“Youth is a quality, not a matter of circumstances.” — FLW
After the age of eighty, Frank Lloyd Wright was busier than he had ever been. He undertook projects all over the world and seldom declined a commission. At the same time, he became a media superstar who divided his time between the spotlight and the drawing board. As a result, he could not give his work the attention it required. Many projects of his last decade have been criticized as vulgar and repetitive, inappropriate for the site, superficially developed, and far removed from the principles of organic architecture that characterized his earlier work.
Nevertheless, three of Wright’s buildings from the fifties were designated by the American Institute of Architects to be retained with fourteen others as examples of his architectural contribution to American culture — the Price Company Tower (1952), the Beth Sholom Synagogue (1954), and the Solomon R. Guggenheim Museum (1956). Many of the houses constructed during the fifties are notable for their siting, their materials and the geometrical themes of their design. His Usonian houses continued to exemplify affordable housing at its best.
Frank Lloyd Wright died on April 29, 1959, in Phoenix, Arizona. It is said that the project on his drawing board was a simple and affordable prefabricated concrete-block house.
Links to Photographs and Other Materials
Isadore J. Zimmerman House (1950), Manchester, New Hampshire. Color photographs and commentary.
Zimmerman House. “About.com Architecture” site with 10 color photographs, discussion and study resources.
Ina Moriss Harper House (1950), St. Joseph, Michigan. Color photographs of exterior.
Russell W. M. Kraus Residence(1951), Kirkwood, Missouri. B/W photo of exterior and brief discussion.
David Wright House (1950-51), Phoenix, Arizona. Official site of the David Wright House includes a virtual tour of the house.
David Wright House. The story behind the house.
Ronald Reisley Residence (1951), Pleasantville, New York. Color photograph accompanying article in The New York Times: “Green Before It Had A Name”.
Price Company Tower (1952), Bartlesville, Oklahoma. Discussion of building and color photograph of exterior.
Price Company Tower: by Fred Gibson. Three pencil sketches by Fred Gibson, Architect.
Anderton Court Shops (1952), Beverly Hills, California. Color photographs.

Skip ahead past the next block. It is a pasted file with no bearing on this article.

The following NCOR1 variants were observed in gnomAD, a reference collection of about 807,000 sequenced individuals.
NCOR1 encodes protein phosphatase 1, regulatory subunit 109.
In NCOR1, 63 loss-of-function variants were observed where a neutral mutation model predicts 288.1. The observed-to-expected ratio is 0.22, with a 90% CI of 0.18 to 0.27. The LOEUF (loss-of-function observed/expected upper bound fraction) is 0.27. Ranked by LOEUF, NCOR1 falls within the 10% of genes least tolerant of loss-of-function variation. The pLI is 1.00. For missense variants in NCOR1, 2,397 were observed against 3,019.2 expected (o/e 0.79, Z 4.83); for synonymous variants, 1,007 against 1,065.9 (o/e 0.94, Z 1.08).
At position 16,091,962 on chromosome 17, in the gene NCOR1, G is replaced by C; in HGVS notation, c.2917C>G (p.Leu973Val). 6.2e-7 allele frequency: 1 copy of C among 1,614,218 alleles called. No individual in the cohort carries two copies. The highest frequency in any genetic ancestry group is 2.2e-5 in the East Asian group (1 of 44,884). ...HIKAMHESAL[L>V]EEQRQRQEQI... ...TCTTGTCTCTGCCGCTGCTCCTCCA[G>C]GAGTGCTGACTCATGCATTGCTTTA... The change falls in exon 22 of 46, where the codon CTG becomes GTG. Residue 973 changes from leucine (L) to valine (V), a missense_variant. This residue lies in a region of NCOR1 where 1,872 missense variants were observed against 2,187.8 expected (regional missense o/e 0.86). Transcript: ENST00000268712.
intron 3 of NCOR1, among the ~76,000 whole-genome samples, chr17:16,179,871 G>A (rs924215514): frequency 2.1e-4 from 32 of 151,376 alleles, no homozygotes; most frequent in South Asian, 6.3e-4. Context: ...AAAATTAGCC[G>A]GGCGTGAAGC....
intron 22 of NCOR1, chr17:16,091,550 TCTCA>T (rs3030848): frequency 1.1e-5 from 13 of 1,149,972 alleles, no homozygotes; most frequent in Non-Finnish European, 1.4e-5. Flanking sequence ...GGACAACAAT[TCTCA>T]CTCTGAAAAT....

George Lewis Residence, “Hemicycle” (1952), Tallahassee, Florida. Blog post to raise awareness of efforts to save house from demolition. Color photographs and discussion.
Robert Llewellyn Wright House (1953), Bethesda, Maryland. Color photographs of exterior.
Robert Llewellyn Wright House.“Bethesda Magazine.com” article with b/w photograph.
Florida Southern College, Lakeland, Florida. Photographic tour of the “Child of the Sun” campus with history of the design and construction of the buildings.
Florida Southern College. Panoramic 360o view of campus.
Beth Sholom Synagogue (1954), Elkins Park, Pennsylvania. Website of the Beth Sholom Congregation with history and photographs of synagogue.
Beth Sholom Synagogue. Color photographs of exterior and interior.
John E. Christian House, "SAMARA"(1954), West Lafayette, Indiana. Samara house site; color photographs.
I. N. Hagan House "Kentuck Knob" (1954), Chalk Hill, Pennsylvania. Kentuck Knob web site; color photographs, history of the house.
Kentuck Knob. Color photographs.
Harold Price, Sr. House, (1954), Paradise Valley, Arizona. Color photographs of exterior and interior with description of a tour of the house by the photographer.
Usonian Automatic Homes. Usonian houses whose masonry structures could be build from blocks assembled by the client. Commentary and photos of houses built and un-built.
Dorothy H. Turkel House (1955), Detroit, Michigan. Usonian automatic house; color photographs and discussion.
Annunciation Greek Orthodox Church (1956), Wauwatosa, Wisconsin. Color photographs of exterior.
Annunication Church. Color photographs of exterior.
Solomon R. Guggenheim Museum (1956), New York, New York. Digital Archive of American Architectures site; color photographs.
Guggenheim Museum. Official site of the Guggenheim Museum; includes photo of building, discussion, and audio recordings.
Frank Bott House (1956), Kansas City, Missouri. Color photographs of exterior view from street.
R. W. Lindholm Service Station (1956), Cloquet, Minnesota. Article in The Atantic with color photograph and 2 videos featuring the station.
R. W. Lindholm Service Station. A set of 45 color photographs showing exterior and interior of station.
Mile High "Illinois" (1956) not built. Color perspective rendering.
Mile High. Blog post, “LOST MASTERPIECES: The Ghost of Frank Lloyd Wright’s Mile-High Chicago Tower.”
Herman T. Fasbender Medical Clinic (1957), Hastings, Minnesota. Color photographs of exterior.
Carl Schultz House (1957), St. Joseph, Michigan. Color photographs of exterior.
Marin County Civic Center (1957), San Raphael, California. Photographs, commentary and study resources.
Marin County Civic Center. Docent-led audio tour with photographs of the Marin Civic Center. Part One, Introduction (2:01); Part Two, in-depth discussion of Wright’s model and master plan for the site and tour of the first floor (11:43).
Marin County Civic Center. Color photographs of exterior and interior.
C. E. Gordon Residence (1957), Aurora, Oregon. Web site of the Gordon House Conservancy, the only Wright-designed building in Oregon.
Don M. Stromquist House (1958). Discussion, drawings, and photographs.
Grady Gammage Memorial Auditorium, Arizona State University (1959), Tempe, Arizona. Arizona State University page with color photograph.
Gammage Memorial Auditorium. Color photographs.
Norman Lykes Residence (1959), Phoenix, Arizona. Pencil sketch by Fred Gibson, Architect.
Sanderson Sims “Solar Hemicycle” House (designed in 1950’s, built 1992-95), Kamuela, Hawaii. Virtual tour and discussion. Color photographs of exterior, interior, and furnishings.